Long before the official first day of spring, we are all looking for those first signs that spring has sprung. If you don’t have these early spring bloomers, then you’re probably pretty disappointed when you look out at your landscape for that first burst of spring color. Here’s a short list of some plants that bloom early in the spring and will give you hope that, yes winter is really coming to an end.
If you have a lawn then you probably recognize the showy yellow flowers of the Forsythia as one of the first signs of spring, as it’s your signal to apply your Step 1 fertilizer. This deciduous shrub, that reaches a height of 6 to 8 feet at maturity, does best when planted in full sun. Forsythia is a versatile shrub that works well as a hedge, or specimen in the landscape. Plant in a rich, well-draining soil and fertilize with Espoma Plant-Tone.
Star Magnolia: Magnolia stellata
A deciduous, flowering tree that can reach a height of 15’ at maturity, Star Magnolias provide gorgeous, fragrant, showy white to light pink flowers in the early spring. Does best when planted in full sun, but will tolerate areas with part shade. We recommend planting in a rich, well-draining soil in a location where it will be protected from strong winds, and fertilizing with Espoma Plant-Tone.
Flowering Quince: Chaenomeles
This deciduous shrub is a showy spring bloomer, with flowers that range from pink to red in color (depending on the variety). Its height and width ranges from 6 to 10 feet, and it prefers full sun to partial shade. Although Flowering Quince are drought tolerant once established, it is best to plant in a rich well-draining soil. Due to its dense growth habit, Flowering Quince works great as a hedge plant, and shelter for wild birds.
A couple of our favorite Flowering Quince varieties are Toyo-Nishiki (Chaenomeles japonica 'Toyo-Nishiki'), which features a combination of reddish, pink and white flowers, and Cameo (Chaenomeles japonica 'Cameo'), that has gorgeous soft apricot-pink blooms.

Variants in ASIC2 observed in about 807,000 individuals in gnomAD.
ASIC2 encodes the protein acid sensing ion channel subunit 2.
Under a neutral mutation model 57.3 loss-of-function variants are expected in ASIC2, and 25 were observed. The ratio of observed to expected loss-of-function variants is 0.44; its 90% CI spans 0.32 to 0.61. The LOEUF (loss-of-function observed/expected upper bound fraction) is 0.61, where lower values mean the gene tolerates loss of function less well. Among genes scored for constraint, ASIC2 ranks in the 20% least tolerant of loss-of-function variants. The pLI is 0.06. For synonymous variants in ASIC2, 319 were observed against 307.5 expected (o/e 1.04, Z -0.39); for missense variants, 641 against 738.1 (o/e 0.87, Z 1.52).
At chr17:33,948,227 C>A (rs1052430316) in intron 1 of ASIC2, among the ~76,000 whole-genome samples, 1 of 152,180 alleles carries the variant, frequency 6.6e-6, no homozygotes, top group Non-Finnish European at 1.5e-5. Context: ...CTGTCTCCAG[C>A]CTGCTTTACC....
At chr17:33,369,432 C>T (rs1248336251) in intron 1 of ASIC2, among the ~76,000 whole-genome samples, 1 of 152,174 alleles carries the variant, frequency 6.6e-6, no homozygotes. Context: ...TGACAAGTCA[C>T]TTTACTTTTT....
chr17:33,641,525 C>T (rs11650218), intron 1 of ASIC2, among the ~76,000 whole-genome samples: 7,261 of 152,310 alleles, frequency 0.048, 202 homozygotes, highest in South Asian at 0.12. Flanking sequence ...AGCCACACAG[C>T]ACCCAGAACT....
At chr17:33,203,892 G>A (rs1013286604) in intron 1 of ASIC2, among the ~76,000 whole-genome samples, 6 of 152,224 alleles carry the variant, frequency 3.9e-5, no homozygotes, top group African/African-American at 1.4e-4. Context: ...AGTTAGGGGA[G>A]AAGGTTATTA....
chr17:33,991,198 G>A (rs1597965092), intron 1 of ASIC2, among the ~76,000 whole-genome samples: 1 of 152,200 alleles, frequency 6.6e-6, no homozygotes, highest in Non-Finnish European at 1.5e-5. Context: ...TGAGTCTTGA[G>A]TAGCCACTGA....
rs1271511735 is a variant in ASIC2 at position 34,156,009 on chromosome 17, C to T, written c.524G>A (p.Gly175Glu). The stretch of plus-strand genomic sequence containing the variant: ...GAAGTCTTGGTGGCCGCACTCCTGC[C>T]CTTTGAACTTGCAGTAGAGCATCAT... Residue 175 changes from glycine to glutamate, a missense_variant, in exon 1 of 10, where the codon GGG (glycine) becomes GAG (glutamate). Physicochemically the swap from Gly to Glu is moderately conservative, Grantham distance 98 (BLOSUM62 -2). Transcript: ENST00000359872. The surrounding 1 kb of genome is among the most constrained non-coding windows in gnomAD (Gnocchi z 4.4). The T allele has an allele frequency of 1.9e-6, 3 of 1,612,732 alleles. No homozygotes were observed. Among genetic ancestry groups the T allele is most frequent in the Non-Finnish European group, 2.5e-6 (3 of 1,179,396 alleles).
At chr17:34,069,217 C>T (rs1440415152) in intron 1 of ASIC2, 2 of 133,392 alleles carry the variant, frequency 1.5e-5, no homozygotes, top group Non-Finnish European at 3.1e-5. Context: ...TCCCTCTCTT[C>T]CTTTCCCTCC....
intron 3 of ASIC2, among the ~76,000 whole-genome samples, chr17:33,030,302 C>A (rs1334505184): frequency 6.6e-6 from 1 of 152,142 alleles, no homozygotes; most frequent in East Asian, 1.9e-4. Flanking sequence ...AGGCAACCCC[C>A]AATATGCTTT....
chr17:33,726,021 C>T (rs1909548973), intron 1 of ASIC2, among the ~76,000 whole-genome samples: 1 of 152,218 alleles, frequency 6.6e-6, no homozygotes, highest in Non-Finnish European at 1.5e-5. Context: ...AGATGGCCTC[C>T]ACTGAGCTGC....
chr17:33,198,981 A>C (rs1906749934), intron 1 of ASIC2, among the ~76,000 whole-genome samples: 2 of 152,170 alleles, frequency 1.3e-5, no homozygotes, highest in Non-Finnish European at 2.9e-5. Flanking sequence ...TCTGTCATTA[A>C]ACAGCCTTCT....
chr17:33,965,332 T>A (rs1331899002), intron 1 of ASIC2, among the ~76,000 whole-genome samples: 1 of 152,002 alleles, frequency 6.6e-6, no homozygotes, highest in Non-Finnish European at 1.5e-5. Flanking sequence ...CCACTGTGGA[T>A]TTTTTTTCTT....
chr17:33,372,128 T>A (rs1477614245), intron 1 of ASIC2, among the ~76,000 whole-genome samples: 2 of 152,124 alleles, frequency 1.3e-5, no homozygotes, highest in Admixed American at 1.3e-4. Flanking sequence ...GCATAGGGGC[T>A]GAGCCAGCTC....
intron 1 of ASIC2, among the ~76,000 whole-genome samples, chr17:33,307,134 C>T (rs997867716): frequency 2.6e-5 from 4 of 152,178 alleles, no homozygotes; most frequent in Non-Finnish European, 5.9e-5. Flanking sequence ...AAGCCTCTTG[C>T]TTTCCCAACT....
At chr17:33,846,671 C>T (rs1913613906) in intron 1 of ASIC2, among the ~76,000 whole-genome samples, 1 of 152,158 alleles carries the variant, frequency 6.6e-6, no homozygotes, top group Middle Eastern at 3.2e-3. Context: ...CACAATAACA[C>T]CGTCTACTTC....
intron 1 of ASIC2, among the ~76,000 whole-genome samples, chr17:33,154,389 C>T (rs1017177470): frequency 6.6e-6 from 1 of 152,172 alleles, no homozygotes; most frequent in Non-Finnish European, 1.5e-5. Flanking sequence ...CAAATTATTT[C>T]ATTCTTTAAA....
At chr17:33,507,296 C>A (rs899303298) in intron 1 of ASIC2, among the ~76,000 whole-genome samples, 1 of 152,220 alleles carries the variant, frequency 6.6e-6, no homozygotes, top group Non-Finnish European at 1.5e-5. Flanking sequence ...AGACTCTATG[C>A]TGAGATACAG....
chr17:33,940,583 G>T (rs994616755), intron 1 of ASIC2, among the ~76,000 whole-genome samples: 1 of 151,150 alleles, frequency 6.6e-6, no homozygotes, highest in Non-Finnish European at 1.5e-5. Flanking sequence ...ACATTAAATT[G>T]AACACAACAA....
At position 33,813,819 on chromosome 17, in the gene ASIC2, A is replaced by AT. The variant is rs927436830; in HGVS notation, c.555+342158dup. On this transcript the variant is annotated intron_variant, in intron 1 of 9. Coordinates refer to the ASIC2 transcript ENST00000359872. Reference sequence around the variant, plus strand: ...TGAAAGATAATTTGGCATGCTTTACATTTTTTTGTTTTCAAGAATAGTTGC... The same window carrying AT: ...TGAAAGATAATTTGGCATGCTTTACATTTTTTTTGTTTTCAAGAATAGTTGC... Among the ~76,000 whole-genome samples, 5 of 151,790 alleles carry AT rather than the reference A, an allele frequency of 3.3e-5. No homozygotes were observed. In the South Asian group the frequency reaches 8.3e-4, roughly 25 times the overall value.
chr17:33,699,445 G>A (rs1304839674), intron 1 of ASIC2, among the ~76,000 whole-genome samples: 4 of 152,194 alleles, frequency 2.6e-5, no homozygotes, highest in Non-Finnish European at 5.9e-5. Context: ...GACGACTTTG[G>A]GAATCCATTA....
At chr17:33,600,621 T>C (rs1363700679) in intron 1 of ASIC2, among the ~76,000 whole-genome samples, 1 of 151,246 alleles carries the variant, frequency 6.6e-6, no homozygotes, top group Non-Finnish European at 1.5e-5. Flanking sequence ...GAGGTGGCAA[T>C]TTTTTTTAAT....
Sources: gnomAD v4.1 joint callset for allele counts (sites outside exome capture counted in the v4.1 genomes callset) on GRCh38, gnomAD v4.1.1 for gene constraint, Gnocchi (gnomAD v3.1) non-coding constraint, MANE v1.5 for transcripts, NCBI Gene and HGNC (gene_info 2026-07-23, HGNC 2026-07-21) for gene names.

With its gorgeous bright purple blooms that contrast beautifully against its dark green foliage, it’s easy see why PJM Rhododendrons are a perennial favorite for early spring color. This durable evergreen shrub prefers part shade and will grow to a height of 3 to 5 feet with a slightly larger spread. As an evergreen, PJM Rhododendrons will do best when planted in acidic soil that is rich in organic matter, and we recommend fertilizing with Espoma Holly-Tone.
Japanese Andromeda: Pieris japonica
This broadleaf, evergreen shrub features lush foliage that emerges as orange-bronze, or in the case of the ‘Mountain Fire’ variety a fiery red, before maturing into a deep green, serving as the perfect backdrop for gorgeous, dropping clusters of white, pink or red flowers. Japanese Andromeda is a slow grower that prefers to be planted in the shade, as too much sun can make Pieris susceptible to Lacewing damage, and will reach a height of 6 to 10 feet at maturity, depending on the variety. Yakushimanum hybrids like, ‘Cavatine,’ will only grow to be about 2’ with a slightly wider width. Plant in a well-draining, acidic soil that is rich in organic matter, and fertilize with Espoma Holly-Tone. Much like Rhododendrons, the root system of Japanese Andromeda is fibrous and shallow, so they always benefit from being mulched.